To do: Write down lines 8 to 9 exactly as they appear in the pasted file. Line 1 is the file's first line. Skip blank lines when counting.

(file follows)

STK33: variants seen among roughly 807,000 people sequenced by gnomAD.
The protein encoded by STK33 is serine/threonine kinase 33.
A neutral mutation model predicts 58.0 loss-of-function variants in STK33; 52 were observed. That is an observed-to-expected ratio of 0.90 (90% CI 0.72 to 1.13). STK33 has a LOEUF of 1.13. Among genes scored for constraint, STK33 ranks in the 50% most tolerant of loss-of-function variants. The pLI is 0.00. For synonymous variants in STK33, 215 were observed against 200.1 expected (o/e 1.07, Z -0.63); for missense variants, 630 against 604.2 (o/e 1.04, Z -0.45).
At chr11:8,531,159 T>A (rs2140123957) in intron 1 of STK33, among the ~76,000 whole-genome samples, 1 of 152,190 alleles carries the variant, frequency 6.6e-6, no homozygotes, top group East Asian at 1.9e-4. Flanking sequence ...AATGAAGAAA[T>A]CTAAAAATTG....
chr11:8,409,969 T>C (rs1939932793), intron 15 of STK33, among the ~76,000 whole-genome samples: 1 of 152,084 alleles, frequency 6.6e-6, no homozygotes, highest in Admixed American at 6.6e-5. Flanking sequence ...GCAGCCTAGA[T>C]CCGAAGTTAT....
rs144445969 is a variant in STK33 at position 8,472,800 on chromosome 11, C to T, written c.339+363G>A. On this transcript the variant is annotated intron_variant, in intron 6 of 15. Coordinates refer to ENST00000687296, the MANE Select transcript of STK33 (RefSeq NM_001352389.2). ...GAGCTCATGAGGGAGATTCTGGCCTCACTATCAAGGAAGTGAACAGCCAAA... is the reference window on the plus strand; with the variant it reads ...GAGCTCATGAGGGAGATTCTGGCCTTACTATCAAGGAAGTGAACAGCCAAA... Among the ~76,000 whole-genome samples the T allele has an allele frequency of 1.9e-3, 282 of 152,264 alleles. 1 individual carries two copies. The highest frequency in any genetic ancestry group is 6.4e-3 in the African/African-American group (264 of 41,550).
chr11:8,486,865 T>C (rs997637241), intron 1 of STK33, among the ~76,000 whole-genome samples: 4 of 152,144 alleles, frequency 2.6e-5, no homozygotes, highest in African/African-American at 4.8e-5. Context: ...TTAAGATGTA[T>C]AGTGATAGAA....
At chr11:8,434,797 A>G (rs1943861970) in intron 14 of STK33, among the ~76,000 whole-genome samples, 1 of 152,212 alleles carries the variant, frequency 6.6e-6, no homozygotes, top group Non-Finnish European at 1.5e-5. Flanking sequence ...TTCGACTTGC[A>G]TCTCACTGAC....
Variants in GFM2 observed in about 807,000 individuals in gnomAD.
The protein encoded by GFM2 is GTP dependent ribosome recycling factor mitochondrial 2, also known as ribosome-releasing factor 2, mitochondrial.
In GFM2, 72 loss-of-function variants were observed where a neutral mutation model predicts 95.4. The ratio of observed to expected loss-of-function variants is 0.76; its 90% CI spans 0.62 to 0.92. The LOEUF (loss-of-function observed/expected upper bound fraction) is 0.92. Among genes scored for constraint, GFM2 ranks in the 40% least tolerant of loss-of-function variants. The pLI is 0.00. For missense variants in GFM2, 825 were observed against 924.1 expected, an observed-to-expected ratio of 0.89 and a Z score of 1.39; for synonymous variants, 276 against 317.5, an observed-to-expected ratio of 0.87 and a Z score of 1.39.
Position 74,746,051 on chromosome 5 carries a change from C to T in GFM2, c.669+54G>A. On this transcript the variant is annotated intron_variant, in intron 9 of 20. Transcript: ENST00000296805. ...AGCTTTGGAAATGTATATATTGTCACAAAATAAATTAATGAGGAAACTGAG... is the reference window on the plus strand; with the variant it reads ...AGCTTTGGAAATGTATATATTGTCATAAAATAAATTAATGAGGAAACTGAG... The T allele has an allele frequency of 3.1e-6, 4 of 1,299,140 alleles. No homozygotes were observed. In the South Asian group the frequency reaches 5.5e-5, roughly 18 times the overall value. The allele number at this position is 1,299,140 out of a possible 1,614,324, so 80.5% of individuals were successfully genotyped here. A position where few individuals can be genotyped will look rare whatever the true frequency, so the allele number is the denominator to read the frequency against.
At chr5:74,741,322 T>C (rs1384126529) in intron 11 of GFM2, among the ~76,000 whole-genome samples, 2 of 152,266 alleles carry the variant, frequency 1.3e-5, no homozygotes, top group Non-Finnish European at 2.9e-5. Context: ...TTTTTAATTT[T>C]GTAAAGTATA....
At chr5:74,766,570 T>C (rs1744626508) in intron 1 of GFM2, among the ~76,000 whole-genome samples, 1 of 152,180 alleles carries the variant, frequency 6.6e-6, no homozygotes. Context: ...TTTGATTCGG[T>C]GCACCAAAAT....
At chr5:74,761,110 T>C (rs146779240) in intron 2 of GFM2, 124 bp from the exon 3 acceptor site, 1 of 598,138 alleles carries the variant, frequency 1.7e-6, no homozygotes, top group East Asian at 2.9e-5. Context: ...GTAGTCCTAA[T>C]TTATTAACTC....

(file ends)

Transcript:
At chr11:8,434,797 A>G (rs1943861970) in intron 14 of STK33, among the ~76,000 whole-genome samples, 1 of 152,212 alleles carries the variant, frequency 6.6e-6, no homozygotes, top group Non-Finnish European at 1.5e-5. Flanking sequence ...TTCGACTTGC[A>G]TCTCACTGAC....
Variants in GFM2 observed in about 807,000 individuals in gnomAD.